Sherrill Sherwood, Collection Development: Hello, I’m Sherrill Sherwood from the Haliburton County Public Library and this is Library Moments. Once a week some of us from the library will come and talk about books, upcoming events, or the services we offer at the library.
This week Bessie Sullivan, Catherine Coles and I would like to share our favorite reads from the last few months with you. To add a learning curve to this, we will also explain what it is we think appealed so much to us about our book. One of the challenges library staff have in helping patrons choose their next read is that the patron doesn’t really know what they liked about their last favorite book. Was it the character, the atmosphere, the writing style, the storyline, the pacing… if you can put a finger on the most important appeal elements in your reading, you will be able to narrow the long list of books you may want to read down to the ones that will really wow you.
Catherine Coles, Branch Services Librarian: My favourite read in recent months was The Painted Girls by Canadian author Cathy Marie Buchanan. This novel follows the stories of two sisters growing up in Paris circa 1878. Their father has recently died and their mother is an addict who squanders her meager salary from the washhouse on absinthe. With few options for work, Marie is dispatched to the Paris Opéra, where for a scant seventy francs a month, she will be trained to enter the famous ballet. Her older sister, Antoinette, finds work as a stage extra. Both sisters quite quickly run into moral dilemmas: Marie finds herself in the uncomfortable position of posing for artists’ paintings for a bit of extra money while Antoinette becomes romantically entangled with a man who is most definitely bad news.
Personally, I am drawn to novels with interesting, imperfect characters and a candid narrative. I also am transfixed by books that manage to evoke a time and place, specifically dark or gritty settings where I would not otherwise travel. The Painted Girls has all of these elements this is why is worked so well for me.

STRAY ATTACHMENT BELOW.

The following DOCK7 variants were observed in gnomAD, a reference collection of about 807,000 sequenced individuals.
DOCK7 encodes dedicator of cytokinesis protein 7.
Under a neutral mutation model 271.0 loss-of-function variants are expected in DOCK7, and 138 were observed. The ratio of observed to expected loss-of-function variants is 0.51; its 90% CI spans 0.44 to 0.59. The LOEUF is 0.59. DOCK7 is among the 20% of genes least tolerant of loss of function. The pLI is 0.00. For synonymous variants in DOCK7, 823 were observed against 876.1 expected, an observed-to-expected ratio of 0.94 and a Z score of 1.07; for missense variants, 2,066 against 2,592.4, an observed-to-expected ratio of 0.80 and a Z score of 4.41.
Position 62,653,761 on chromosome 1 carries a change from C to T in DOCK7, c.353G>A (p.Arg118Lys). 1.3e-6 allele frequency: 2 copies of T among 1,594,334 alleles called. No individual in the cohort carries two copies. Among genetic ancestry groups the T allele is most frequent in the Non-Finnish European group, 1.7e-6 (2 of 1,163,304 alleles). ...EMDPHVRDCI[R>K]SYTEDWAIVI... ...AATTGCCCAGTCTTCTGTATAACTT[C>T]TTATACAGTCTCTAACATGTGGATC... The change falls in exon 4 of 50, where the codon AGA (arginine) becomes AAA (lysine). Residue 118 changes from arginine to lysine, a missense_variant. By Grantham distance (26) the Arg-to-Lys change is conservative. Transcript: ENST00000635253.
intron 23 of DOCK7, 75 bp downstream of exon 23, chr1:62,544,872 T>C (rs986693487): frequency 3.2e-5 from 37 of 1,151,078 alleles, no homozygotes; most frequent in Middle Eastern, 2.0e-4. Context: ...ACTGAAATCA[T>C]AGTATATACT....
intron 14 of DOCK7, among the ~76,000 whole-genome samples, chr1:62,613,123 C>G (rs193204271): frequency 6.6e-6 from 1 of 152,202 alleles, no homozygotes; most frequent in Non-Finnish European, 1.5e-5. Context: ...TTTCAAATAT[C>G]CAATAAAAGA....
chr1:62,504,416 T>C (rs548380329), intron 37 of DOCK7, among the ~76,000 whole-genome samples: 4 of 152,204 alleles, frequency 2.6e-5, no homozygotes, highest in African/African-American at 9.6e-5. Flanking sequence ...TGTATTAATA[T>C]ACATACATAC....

Sherrill: My favorite read was Rush Home Road by Lori Lansens. At first I had to wrap my head around the location – it felt like it should be set in the southern States instead of southwestern Ontario. It is the story of Addy Shadd, who grew up in Rusholme, a fictional cousin to the many Ontario communities founded by fugitive slaves brought north by the Underground Railroad. Raped as a teenager, forced to flee the family home, Addy makes her way on foot to Detroit, where she becomes the housekeeper for an elderly man and his grown son, both of whom develop a crush on her. When misfortune strikes again, she sets off to make a new life for herself back in Canada. Married, with a small daughter, tragedy leaves Addy alone in the world once more.
Now an old woman, she lives a quiet existence in a trailer park near Chatham. When a young mother asks her to babysit her daughter, it soon becomes apparent that the mother isn’t coming back. Addy is glad of the company, but not sure if she’s up to the job of mothering a five-year-old, nor how long she will live to help the child.
Lansens gift of writing, the kind that transports you to another time and place, kept me hurrying back for more and the story has stayed with me. The setting and the strong character of Addy were the most important features of this book for me. Another character driven novel set in Ontario that I loved was Crow Lake by Mary Lawson.
Bessie Sullivan, County Librarian: The recent read that was most compelling to me was Karma by Cathy Ostlere. This book was on the 2013 White Pine Award list and is written completely in verse. Reading a 500 page book as a poem was not as difficult as it sounds and I found the subject matter fascinating. On October 31, 1984, Indira Gandhi is gunned down by two Sikh bodyguards. The murder sparks riots in Delhi and for three days Sikh families are targeted and killed in retribution for the Prime Minister’s death. It is into this chaos that fifteen-year-old Maya and her Sikh father, Amar, arrive from their home in Canada. India’s political instability is the backdrop and catalyst for Maya’s awakening to the world. Karma is the story of how a young woman, straddling two cultures and enduring personal loss, learns forgiveness, acceptance and love. I really like learning about history though fictional characters. Well-developed characters make me feel like I was there when whatever event in history was happening and in that way I can remember it instead of just trying to remember a bunch of dates.
For online resources to help you find your next favorite book go to www.haliburtonlibrary.ca and click on readers’ advisory. We hope you enjoyed this week’s Library Moments here on 100.9 Canoe FM.
* Originally aired on 100.9 Canoe FM from June 3rd-June 10th